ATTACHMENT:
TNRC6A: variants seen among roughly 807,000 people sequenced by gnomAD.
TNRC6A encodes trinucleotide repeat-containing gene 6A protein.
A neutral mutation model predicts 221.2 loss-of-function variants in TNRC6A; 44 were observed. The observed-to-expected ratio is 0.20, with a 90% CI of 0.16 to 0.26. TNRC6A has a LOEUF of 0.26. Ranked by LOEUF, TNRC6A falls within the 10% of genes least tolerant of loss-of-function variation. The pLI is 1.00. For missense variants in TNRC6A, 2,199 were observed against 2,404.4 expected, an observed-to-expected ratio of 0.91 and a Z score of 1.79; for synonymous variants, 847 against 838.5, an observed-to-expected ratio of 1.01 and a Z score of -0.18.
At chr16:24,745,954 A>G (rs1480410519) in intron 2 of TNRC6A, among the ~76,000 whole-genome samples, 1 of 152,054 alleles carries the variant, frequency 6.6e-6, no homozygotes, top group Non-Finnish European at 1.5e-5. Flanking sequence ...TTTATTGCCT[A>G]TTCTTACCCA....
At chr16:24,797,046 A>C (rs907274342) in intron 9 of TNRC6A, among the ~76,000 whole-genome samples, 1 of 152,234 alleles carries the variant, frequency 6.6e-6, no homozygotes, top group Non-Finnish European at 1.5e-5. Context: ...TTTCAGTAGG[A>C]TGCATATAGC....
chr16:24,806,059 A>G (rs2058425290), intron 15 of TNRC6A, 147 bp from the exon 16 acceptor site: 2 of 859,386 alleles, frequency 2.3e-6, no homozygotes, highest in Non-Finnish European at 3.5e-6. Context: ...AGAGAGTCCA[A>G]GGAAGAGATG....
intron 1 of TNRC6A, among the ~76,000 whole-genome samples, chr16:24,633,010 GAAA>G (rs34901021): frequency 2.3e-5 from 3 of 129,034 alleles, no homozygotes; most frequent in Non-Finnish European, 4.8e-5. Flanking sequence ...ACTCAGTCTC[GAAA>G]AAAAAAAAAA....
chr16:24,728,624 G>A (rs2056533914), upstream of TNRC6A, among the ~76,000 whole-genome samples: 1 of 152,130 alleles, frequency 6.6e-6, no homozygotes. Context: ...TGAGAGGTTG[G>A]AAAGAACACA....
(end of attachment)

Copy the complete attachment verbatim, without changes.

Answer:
TNRC6A: variants seen among roughly 807,000 people sequenced by gnomAD.
TNRC6A encodes trinucleotide repeat-containing gene 6A protein.
A neutral mutation model predicts 221.2 loss-of-function variants in TNRC6A; 44 were observed. The observed-to-expected ratio is 0.20, with a 90% CI of 0.16 to 0.26. TNRC6A has a LOEUF of 0.26. Ranked by LOEUF, TNRC6A falls within the 10% of genes least tolerant of loss-of-function variation. The pLI is 1.00. For missense variants in TNRC6A, 2,199 were observed against 2,404.4 expected, an observed-to-expected ratio of 0.91 and a Z score of 1.79; for synonymous variants, 847 against 838.5, an observed-to-expected ratio of 1.01 and a Z score of -0.18.
At chr16:24,745,954 A>G (rs1480410519) in intron 2 of TNRC6A, among the ~76,000 whole-genome samples, 1 of 152,054 alleles carries the variant, frequency 6.6e-6, no homozygotes, top group Non-Finnish European at 1.5e-5. Flanking sequence ...TTTATTGCCT[A>G]TTCTTACCCA....
At chr16:24,797,046 A>C (rs907274342) in intron 9 of TNRC6A, among the ~76,000 whole-genome samples, 1 of 152,234 alleles carries the variant, frequency 6.6e-6, no homozygotes, top group Non-Finnish European at 1.5e-5. Context: ...TTTCAGTAGG[A>C]TGCATATAGC....
chr16:24,806,059 A>G (rs2058425290), intron 15 of TNRC6A, 147 bp from the exon 16 acceptor site: 2 of 859,386 alleles, frequency 2.3e-6, no homozygotes, highest in Non-Finnish European at 3.5e-6. Context: ...AGAGAGTCCA[A>G]GGAAGAGATG....
intron 1 of TNRC6A, among the ~76,000 whole-genome samples, chr16:24,633,010 GAAA>G (rs34901021): frequency 2.3e-5 from 3 of 129,034 alleles, no homozygotes; most frequent in Non-Finnish European, 4.8e-5. Flanking sequence ...ACTCAGTCTC[GAAA>G]AAAAAAAAAA....
chr16:24,728,624 G>A (rs2056533914), upstream of TNRC6A, among the ~76,000 whole-genome samples: 1 of 152,130 alleles, frequency 6.6e-6, no homozygotes. Context: ...TGAGAGGTTG[G>A]AAAGAACACA....